Monday, August 25, 2014

I Cant See without My Glasses

And let us run with perseverance the race marked out for us, fixing our eyes on Jesus, the pioneer and perfecter of faith. For the joy set before him he endured the cross, scorning its shame, and sat down at the right hand of the throne of God. Consider him who endured such opposition from sinners, so that you will not grow weary and lose heart. (Hebrews 1b-3)


I'm not really a morning person. It's not that I'm grouchy, but I do go through the first hour in a fog which is why I have a regular morning routine. I do the same thing every morning the same way making it possible for me to coast through in the half-asleep state I'm in and still walk out the door ready to meet the demands of the day. One of the last things I do before heading out the door is to put on my glasses.

My left eye is near-sighted, my right eye is far-sighted and I have astigmatism in both eyes. That means that the whole world around me is blurry no matter how close or far away it is and with the astigmatism, horizontal lines have a tendency to disappear altogether. You would think that the first thing I would do in my morning routine would be to put on my glasses.

However, when I first wake up, I don't realize how bad my eyesight is. It's normal to me. After all, I see well enough to get around my apartment and it's not like I need to see any details of the furniture, knickknacks or photographs around my home as they've been there for years and I don't see them anymore even when I'm wearing my glasses. It's not until I put my glasses on that I realize how poor my eyesight actually is. So why do I wait? Because at some point I'm going to get in the shower and blow dry my hair and I can't do that with my glasses on and when I take my glasses off, I can't see what I'm doing—I become very aware of just how bad my eyesight is. I find that awareness quite uncomfortable so I wait until I know I won't have to take them off again to put them on.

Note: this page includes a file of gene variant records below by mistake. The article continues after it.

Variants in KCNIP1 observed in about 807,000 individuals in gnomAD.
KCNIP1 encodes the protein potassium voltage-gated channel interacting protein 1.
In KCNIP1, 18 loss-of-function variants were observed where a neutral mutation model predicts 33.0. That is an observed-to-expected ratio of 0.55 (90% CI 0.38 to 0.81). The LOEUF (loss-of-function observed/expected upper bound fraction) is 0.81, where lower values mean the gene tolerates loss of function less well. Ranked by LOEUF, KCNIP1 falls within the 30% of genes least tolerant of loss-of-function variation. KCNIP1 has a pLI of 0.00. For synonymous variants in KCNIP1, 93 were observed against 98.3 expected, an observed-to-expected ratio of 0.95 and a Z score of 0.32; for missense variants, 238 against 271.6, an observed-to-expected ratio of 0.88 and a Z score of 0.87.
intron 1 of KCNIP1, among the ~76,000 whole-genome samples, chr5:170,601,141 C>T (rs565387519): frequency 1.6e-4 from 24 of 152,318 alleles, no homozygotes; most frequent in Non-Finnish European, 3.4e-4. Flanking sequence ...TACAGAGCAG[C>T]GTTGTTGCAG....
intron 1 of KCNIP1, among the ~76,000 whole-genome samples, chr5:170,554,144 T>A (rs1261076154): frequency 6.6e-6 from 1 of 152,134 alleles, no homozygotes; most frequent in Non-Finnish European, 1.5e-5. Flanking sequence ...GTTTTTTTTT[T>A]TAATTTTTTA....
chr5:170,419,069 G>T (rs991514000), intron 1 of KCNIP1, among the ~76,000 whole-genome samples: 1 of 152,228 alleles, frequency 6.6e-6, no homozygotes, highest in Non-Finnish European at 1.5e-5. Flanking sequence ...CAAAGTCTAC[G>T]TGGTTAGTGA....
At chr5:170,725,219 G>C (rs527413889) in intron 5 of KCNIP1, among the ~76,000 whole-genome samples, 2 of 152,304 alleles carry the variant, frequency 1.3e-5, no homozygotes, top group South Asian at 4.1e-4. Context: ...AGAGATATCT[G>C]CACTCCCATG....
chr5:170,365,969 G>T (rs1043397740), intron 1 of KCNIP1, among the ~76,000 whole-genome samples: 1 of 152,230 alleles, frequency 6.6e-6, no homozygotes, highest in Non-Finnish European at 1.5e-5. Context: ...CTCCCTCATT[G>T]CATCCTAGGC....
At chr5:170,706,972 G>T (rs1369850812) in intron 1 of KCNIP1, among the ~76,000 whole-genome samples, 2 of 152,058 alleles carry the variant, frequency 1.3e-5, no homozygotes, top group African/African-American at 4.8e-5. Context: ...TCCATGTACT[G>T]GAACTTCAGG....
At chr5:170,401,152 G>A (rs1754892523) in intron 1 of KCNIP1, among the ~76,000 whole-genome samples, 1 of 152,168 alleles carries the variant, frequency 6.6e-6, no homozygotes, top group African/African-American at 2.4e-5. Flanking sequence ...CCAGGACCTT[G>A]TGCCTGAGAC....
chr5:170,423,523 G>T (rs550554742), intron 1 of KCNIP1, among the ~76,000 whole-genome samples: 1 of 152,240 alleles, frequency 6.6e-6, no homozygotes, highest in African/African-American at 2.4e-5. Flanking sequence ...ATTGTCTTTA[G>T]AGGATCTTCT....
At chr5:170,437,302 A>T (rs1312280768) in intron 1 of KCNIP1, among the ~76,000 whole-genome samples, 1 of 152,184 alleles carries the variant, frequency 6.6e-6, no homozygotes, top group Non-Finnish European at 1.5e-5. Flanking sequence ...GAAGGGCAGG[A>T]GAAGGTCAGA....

One morning last week, I actually forgot to put on my glasses and began walking out the door. On my way back down the stairs to get my glasses, I had a sudden realization: Jesus is my focus and my spiritual disciplines—praying, reading the bible, worship, service—these are the framework that holds my focus in front of my eyes so that I can see clearly. When I let distractions take me away from a regular routine of spiritual discipline, I lose my focus and life becomes a little blurry. The line between good and bad, between God’s way and mine begins to disappear and I stumble around in this blurriness crossing way over that line without knowing it.

Removing my glasses, the blurriness will begin to subside after a while as my eyes adjust to trying to focus without my prescription lenses and once again, I think I can see fine until I trip over a cord on the floor I didn’t see, or I run into the doorway because my depth perception is askew. When I let my spiritual disciplines slip my focus begins to move from God to myself. I begin to think that it’s all about me and what I do for God instead of it being all about God and what he has done in me and through me. I want to do my best for God instead of wanting to let God do his best in and through me. I’ll revel in the glory of his amazing work in my life as if it were my triumph instead of his.

That’s why it is so important to keep to those spiritual disciplines—so that my focus is always Jesus. How do you keep your focus?

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